Ever heard of Ernest Cline’s Ready Player One?
It’s a novel that takes place in the year 2045. Human civilization is in a dark period, so people seek refuge in a virtual reality world called the OASIS. Many spend all their waking hours in the simulation – working, taking classes, exploring different cultures, and trying out new hobbies.
The book became a pop culture phenomenon when Steven Spielberg signed on to direct the film version, but that’s not why I was interested in it. I’ve long been intrigued by the promise of virtual reality, and I think Ready Player One presents a reasonably accurate portrayal of what our lives will be like around mid-century.
Is The Prospective Company A Good Fit?
Ready Player One does not talk about HR and the employee lifecycle, but my mind went to this application immediately. The first thing I considered was hiring. We instruct candidates to think carefully about whether a prospective company is a good fit, but without the opportunity to spend time in the organization, there’s a great deal of guesswork involved. Virtual reality could enable a candidate to experience a day-in-the-life of an employee in their role. She could walk through the facilities, meet managers and co-workers, and start a project. But most importantly, she could get a much better sense of the culture.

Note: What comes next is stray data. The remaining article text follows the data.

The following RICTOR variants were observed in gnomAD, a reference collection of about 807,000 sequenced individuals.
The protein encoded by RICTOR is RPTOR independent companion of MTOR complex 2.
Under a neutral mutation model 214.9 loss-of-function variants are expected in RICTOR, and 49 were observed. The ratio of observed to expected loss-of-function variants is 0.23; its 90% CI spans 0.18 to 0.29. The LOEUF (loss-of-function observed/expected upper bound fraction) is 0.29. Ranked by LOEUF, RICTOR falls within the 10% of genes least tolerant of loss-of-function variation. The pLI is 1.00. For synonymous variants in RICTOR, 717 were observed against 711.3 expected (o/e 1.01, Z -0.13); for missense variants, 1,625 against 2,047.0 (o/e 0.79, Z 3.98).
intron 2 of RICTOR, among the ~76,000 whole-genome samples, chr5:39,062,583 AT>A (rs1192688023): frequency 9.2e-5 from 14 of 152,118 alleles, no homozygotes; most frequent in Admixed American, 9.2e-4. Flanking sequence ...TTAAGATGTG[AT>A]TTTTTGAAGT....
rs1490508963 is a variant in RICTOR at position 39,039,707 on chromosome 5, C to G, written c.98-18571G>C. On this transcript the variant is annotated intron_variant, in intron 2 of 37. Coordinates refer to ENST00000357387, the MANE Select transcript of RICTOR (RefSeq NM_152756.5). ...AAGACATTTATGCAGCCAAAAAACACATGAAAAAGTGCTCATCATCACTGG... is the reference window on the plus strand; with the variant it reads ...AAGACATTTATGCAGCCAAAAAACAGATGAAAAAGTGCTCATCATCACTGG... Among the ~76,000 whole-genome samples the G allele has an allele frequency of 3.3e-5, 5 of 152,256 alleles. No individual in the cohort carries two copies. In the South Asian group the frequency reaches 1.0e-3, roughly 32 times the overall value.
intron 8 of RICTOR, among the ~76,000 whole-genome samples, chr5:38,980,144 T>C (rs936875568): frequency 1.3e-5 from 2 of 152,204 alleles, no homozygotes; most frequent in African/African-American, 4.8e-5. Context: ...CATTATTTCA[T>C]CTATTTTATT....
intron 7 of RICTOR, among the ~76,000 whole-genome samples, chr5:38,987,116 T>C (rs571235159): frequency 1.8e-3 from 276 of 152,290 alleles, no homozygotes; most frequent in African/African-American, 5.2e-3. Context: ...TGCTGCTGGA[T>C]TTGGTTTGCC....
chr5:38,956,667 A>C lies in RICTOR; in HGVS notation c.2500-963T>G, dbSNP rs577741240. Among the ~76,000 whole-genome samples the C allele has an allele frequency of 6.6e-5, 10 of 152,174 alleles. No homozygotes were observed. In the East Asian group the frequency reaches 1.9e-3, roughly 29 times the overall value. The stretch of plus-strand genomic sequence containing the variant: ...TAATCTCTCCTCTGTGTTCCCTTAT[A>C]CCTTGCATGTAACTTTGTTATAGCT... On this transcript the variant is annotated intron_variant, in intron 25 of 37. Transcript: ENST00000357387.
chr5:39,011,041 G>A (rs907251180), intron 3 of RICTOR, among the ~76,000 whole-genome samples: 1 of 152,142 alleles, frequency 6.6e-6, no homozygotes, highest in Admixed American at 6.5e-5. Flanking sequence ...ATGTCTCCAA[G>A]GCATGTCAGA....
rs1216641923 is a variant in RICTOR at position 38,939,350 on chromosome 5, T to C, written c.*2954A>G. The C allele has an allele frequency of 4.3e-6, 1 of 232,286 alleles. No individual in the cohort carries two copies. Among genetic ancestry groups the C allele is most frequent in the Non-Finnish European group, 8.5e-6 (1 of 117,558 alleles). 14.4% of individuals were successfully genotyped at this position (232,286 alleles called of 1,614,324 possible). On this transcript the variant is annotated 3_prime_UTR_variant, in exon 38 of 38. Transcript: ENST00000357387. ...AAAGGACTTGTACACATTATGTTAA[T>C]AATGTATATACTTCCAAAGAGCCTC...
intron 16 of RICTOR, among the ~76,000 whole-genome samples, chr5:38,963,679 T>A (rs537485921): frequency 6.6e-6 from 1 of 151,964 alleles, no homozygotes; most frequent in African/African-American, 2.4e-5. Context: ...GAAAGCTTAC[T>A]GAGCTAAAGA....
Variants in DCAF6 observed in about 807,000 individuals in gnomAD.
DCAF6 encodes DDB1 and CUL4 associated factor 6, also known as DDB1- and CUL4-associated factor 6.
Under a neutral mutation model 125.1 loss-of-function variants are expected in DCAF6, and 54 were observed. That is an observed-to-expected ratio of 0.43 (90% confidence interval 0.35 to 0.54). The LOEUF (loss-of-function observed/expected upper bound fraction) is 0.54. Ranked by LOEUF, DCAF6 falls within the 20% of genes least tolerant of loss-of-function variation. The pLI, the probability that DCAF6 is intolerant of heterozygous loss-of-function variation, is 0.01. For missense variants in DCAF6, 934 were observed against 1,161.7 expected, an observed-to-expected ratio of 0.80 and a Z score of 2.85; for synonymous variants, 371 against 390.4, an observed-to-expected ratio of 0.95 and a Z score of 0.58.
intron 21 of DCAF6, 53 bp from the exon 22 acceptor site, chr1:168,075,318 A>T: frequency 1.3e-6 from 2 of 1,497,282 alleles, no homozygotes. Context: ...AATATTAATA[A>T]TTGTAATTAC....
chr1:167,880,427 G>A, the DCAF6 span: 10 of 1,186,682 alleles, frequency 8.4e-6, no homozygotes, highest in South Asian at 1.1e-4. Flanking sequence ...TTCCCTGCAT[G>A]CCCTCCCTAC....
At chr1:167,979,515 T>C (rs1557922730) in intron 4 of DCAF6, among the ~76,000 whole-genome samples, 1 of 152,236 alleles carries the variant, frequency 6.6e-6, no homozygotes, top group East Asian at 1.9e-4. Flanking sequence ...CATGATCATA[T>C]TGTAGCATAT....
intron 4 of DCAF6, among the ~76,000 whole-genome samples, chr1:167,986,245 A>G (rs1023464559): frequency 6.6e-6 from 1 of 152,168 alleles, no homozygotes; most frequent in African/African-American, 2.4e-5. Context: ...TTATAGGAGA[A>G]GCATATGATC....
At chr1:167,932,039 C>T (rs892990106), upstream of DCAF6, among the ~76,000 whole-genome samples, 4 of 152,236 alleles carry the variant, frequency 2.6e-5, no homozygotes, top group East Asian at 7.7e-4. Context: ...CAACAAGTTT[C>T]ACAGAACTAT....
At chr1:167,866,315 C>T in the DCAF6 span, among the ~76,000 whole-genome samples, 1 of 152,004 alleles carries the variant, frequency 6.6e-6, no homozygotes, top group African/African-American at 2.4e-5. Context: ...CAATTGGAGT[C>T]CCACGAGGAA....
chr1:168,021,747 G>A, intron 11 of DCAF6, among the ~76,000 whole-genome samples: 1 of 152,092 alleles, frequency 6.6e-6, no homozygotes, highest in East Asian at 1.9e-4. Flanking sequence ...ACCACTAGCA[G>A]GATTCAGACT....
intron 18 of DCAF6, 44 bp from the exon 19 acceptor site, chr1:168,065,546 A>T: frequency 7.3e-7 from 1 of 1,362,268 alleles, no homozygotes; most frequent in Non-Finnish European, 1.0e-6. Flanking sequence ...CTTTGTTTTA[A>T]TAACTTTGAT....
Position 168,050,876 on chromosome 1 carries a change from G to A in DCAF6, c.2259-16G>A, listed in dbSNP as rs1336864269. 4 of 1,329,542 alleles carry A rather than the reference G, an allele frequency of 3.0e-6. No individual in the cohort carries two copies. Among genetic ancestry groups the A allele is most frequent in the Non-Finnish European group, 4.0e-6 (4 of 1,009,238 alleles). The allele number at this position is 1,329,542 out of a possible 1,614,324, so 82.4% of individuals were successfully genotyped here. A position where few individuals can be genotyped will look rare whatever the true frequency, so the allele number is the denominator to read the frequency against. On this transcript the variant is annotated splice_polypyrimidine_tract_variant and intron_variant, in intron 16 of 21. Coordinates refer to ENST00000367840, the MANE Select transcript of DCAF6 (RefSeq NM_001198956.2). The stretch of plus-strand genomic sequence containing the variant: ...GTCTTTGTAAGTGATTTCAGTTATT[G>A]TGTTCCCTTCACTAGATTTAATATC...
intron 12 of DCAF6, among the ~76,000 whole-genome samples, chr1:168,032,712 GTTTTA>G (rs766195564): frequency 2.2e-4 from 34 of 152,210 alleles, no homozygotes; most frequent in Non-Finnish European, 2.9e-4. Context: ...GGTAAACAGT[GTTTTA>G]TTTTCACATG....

Virtual reality could also revolutionize talent management. At present, leaders have trouble managing global, dispersed workforces. Employees might clock in from locations all around the globe, work variable schedules, and communicate using different methods. Virtual reality will certainly change the degree to which remote workers feel engaged and part of a unified team. By mid-century, you’ll put on your headset and send your avatar to work alongside colleagues who could be physically located anywhere. Conferences, meetings, presentations, performance reviews, brainstorms, and team building/social events could all be conducted in the virtual world, facilitating ongoing communication, relationship-building, and innovation.